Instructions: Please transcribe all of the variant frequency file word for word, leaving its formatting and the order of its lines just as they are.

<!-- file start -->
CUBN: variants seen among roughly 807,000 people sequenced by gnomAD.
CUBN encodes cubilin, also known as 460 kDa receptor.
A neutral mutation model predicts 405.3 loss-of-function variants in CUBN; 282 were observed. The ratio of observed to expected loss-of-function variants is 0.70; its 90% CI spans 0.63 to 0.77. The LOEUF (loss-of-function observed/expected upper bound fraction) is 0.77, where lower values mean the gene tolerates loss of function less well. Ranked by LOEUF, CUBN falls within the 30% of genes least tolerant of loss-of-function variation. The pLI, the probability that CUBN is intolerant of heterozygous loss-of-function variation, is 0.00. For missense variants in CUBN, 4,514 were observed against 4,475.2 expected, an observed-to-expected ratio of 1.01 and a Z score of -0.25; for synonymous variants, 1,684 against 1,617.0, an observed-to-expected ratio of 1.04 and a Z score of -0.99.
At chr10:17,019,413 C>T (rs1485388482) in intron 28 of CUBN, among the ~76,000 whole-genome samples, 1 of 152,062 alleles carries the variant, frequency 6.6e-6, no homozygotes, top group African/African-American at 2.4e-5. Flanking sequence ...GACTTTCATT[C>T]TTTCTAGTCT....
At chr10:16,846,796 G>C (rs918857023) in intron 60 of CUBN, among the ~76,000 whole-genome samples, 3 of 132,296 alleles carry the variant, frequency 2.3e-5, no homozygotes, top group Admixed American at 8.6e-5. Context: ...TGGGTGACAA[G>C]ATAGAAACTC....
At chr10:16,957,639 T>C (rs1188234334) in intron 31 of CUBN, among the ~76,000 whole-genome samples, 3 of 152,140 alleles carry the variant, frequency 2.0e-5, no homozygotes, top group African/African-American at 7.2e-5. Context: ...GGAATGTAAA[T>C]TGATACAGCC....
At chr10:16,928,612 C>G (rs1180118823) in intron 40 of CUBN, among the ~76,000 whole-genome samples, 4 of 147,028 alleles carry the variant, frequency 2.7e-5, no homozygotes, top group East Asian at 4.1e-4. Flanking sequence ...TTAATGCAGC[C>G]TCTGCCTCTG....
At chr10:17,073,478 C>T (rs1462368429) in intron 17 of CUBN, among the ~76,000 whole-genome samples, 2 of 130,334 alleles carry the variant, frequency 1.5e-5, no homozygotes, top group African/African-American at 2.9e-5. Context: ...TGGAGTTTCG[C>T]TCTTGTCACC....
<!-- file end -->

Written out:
CUBN: variants seen among roughly 807,000 people sequenced by gnomAD.
CUBN encodes cubilin, also known as 460 kDa receptor.
A neutral mutation model predicts 405.3 loss-of-function variants in CUBN; 282 were observed. The ratio of observed to expected loss-of-function variants is 0.70; its 90% CI spans 0.63 to 0.77. The LOEUF (loss-of-function observed/expected upper bound fraction) is 0.77, where lower values mean the gene tolerates loss of function less well. Ranked by LOEUF, CUBN falls within the 30% of genes least tolerant of loss-of-function variation. The pLI, the probability that CUBN is intolerant of heterozygous loss-of-function variation, is 0.00. For missense variants in CUBN, 4,514 were observed against 4,475.2 expected, an observed-to-expected ratio of 1.01 and a Z score of -0.25; for synonymous variants, 1,684 against 1,617.0, an observed-to-expected ratio of 1.04 and a Z score of -0.99.
At chr10:17,019,413 C>T (rs1485388482) in intron 28 of CUBN, among the ~76,000 whole-genome samples, 1 of 152,062 alleles carries the variant, frequency 6.6e-6, no homozygotes, top group African/African-American at 2.4e-5. Flanking sequence ...GACTTTCATT[C>T]TTTCTAGTCT....
At chr10:16,846,796 G>C (rs918857023) in intron 60 of CUBN, among the ~76,000 whole-genome samples, 3 of 132,296 alleles carry the variant, frequency 2.3e-5, no homozygotes, top group Admixed American at 8.6e-5. Context: ...TGGGTGACAA[G>C]ATAGAAACTC....
At chr10:16,957,639 T>C (rs1188234334) in intron 31 of CUBN, among the ~76,000 whole-genome samples, 3 of 152,140 alleles carry the variant, frequency 2.0e-5, no homozygotes, top group African/African-American at 7.2e-5. Context: ...GGAATGTAAA[T>C]TGATACAGCC....
At chr10:16,928,612 C>G (rs1180118823) in intron 40 of CUBN, among the ~76,000 whole-genome samples, 4 of 147,028 alleles carry the variant, frequency 2.7e-5, no homozygotes, top group East Asian at 4.1e-4. Flanking sequence ...TTAATGCAGC[C>G]TCTGCCTCTG....
At chr10:17,073,478 C>T (rs1462368429) in intron 17 of CUBN, among the ~76,000 whole-genome samples, 2 of 130,334 alleles carry the variant, frequency 1.5e-5, no homozygotes, top group African/African-American at 2.9e-5. Context: ...TGGAGTTTCG[C>T]TCTTGTCACC....